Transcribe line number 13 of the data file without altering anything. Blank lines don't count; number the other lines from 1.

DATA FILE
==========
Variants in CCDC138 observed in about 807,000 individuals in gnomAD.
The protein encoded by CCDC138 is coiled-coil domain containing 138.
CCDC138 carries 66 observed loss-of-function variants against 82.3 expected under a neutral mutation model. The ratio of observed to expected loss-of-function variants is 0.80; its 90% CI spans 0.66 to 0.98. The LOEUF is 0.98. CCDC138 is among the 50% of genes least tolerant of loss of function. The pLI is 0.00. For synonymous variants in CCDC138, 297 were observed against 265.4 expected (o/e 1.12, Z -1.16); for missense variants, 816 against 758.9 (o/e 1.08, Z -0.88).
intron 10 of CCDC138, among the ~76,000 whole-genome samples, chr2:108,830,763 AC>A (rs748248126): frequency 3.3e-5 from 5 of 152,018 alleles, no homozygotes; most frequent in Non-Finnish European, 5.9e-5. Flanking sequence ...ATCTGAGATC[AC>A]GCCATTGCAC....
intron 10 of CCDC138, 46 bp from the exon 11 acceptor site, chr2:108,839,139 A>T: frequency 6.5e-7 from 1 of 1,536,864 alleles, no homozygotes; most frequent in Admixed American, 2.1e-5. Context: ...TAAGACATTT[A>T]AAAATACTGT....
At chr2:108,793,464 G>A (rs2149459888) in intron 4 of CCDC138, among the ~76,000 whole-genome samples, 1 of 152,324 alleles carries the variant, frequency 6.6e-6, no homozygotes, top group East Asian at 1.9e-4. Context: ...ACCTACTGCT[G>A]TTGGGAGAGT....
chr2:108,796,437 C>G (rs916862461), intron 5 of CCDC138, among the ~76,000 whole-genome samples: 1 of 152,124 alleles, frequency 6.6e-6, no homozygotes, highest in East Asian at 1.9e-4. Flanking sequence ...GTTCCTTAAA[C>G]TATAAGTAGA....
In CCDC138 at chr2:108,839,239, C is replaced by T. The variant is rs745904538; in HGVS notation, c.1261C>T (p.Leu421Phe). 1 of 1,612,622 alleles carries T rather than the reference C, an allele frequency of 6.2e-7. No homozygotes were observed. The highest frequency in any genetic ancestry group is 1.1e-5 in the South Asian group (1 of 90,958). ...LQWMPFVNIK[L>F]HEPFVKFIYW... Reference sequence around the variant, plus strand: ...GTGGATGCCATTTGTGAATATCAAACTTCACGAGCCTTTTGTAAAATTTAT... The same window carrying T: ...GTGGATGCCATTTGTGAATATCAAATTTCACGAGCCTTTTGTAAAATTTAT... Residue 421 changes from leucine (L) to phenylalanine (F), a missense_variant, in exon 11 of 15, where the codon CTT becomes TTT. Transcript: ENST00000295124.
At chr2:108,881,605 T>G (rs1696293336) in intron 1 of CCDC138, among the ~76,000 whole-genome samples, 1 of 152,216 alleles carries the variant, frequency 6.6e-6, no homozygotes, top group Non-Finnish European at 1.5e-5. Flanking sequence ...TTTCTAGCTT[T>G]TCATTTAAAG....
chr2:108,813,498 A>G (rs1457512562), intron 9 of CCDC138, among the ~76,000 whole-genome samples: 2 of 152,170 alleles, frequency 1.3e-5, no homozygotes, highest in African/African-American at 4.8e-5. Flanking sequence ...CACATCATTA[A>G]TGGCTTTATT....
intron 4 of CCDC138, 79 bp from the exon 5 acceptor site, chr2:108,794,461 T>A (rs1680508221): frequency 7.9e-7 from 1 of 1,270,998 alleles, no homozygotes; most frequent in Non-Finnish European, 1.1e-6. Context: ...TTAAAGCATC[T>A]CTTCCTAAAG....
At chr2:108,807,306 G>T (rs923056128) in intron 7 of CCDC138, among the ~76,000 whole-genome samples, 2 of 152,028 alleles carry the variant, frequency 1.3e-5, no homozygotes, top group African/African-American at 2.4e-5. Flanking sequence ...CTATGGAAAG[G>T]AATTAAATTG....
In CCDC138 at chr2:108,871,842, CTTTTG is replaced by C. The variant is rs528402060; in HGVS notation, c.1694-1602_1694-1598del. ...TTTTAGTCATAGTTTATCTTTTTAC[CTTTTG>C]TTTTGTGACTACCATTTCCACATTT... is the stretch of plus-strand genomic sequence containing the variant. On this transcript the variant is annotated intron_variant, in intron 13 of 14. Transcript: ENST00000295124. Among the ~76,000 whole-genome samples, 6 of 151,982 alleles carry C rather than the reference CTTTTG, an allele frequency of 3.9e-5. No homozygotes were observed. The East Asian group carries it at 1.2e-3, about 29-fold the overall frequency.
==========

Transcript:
In CCDC138 at chr2:108,871,842, CTTTTG is replaced by C. The variant is rs528402060; in HGVS notation, c.1694-1602_1694-1598del. ...TTTTAGTCATAGTTTATCTTTTTAC[CTTTTG>C]TTTTGTGACTACCATTTCCACATTT... is the stretch of plus-strand genomic sequence containing the variant. On this transcript the variant is annotated intron_variant, in intron 13 of 14. Transcript: ENST00000295124. Among the ~76,000 whole-genome samples, 6 of 151,982 alleles carry C rather than the reference CTTTTG, an allele frequency of 3.9e-5. No homozygotes were observed. The East Asian group carries it at 1.2e-3, about 29-fold the overall frequency.